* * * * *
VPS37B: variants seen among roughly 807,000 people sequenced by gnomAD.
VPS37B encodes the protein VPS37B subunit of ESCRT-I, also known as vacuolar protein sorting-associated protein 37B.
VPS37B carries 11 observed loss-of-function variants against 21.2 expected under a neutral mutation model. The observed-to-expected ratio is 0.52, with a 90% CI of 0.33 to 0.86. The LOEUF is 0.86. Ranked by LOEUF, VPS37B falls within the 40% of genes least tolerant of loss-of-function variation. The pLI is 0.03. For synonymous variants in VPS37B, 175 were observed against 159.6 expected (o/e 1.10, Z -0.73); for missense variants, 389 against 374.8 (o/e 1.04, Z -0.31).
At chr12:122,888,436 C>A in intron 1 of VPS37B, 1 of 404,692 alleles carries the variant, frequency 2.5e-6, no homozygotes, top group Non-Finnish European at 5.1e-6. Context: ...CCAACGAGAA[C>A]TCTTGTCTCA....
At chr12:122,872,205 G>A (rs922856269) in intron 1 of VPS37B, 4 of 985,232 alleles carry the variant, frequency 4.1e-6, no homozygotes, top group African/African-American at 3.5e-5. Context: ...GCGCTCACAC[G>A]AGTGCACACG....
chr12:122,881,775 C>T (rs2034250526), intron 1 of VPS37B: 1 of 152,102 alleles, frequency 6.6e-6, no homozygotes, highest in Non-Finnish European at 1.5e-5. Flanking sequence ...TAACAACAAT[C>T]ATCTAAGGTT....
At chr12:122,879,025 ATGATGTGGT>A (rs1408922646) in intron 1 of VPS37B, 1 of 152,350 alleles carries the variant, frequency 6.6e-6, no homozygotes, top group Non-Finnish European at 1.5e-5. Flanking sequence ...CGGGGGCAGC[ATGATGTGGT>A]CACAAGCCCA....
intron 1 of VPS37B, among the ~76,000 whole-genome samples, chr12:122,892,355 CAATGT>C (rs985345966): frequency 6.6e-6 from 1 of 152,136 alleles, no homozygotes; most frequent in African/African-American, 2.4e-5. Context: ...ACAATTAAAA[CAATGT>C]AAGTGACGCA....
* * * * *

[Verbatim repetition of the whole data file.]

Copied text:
VPS37B: variants seen among roughly 807,000 people sequenced by gnomAD.
VPS37B encodes the protein VPS37B subunit of ESCRT-I, also known as vacuolar protein sorting-associated protein 37B.
VPS37B carries 11 observed loss-of-function variants against 21.2 expected under a neutral mutation model. The observed-to-expected ratio is 0.52, with a 90% CI of 0.33 to 0.86. The LOEUF is 0.86. Ranked by LOEUF, VPS37B falls within the 40% of genes least tolerant of loss-of-function variation. The pLI is 0.03. For synonymous variants in VPS37B, 175 were observed against 159.6 expected (o/e 1.10, Z -0.73); for missense variants, 389 against 374.8 (o/e 1.04, Z -0.31).
At chr12:122,888,436 C>A in intron 1 of VPS37B, 1 of 404,692 alleles carries the variant, frequency 2.5e-6, no homozygotes, top group Non-Finnish European at 5.1e-6. Context: ...CCAACGAGAA[C>A]TCTTGTCTCA....
At chr12:122,872,205 G>A (rs922856269) in intron 1 of VPS37B, 4 of 985,232 alleles carry the variant, frequency 4.1e-6, no homozygotes, top group African/African-American at 3.5e-5. Context: ...GCGCTCACAC[G>A]AGTGCACACG....
chr12:122,881,775 C>T (rs2034250526), intron 1 of VPS37B: 1 of 152,102 alleles, frequency 6.6e-6, no homozygotes, highest in Non-Finnish European at 1.5e-5. Flanking sequence ...TAACAACAAT[C>T]ATCTAAGGTT....
At chr12:122,879,025 ATGATGTGGT>A (rs1408922646) in intron 1 of VPS37B, 1 of 152,350 alleles carries the variant, frequency 6.6e-6, no homozygotes, top group Non-Finnish European at 1.5e-5. Flanking sequence ...CGGGGGCAGC[ATGATGTGGT>A]CACAAGCCCA....
intron 1 of VPS37B, among the ~76,000 whole-genome samples, chr12:122,892,355 CAATGT>C (rs985345966): frequency 6.6e-6 from 1 of 152,136 alleles, no homozygotes; most frequent in African/African-American, 2.4e-5. Context: ...ACAATTAAAA[CAATGT>C]AAGTGACGCA....